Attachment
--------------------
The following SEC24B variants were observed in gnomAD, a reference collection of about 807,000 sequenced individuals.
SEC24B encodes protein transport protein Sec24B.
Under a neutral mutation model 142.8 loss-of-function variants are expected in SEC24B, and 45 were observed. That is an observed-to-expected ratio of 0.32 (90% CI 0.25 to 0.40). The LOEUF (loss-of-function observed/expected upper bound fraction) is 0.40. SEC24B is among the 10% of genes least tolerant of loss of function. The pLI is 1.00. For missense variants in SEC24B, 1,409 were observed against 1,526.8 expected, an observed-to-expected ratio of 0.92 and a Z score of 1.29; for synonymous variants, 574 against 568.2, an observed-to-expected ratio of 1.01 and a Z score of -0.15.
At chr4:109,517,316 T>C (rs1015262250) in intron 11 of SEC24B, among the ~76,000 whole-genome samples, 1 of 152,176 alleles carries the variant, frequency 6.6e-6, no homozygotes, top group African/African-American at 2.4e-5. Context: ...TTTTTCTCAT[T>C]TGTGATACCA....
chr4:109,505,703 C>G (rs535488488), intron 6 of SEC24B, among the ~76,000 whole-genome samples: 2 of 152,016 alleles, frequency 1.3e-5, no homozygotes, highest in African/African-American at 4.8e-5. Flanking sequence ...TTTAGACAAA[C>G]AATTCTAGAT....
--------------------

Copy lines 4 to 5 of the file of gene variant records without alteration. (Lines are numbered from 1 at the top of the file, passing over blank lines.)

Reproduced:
At chr4:109,517,316 T>C (rs1015262250) in intron 11 of SEC24B, among the ~76,000 whole-genome samples, 1 of 152,176 alleles carries the variant, frequency 6.6e-6, no homozygotes, top group African/African-American at 2.4e-5. Context: ...TTTTTCTCAT[T>C]TGTGATACCA....
chr4:109,505,703 C>G (rs535488488), intron 6 of SEC24B, among the ~76,000 whole-genome samples: 2 of 152,016 alleles, frequency 1.3e-5, no homozygotes, highest in African/African-American at 4.8e-5. Flanking sequence ...TTTAGACAAA[C>G]AATTCTAGAT....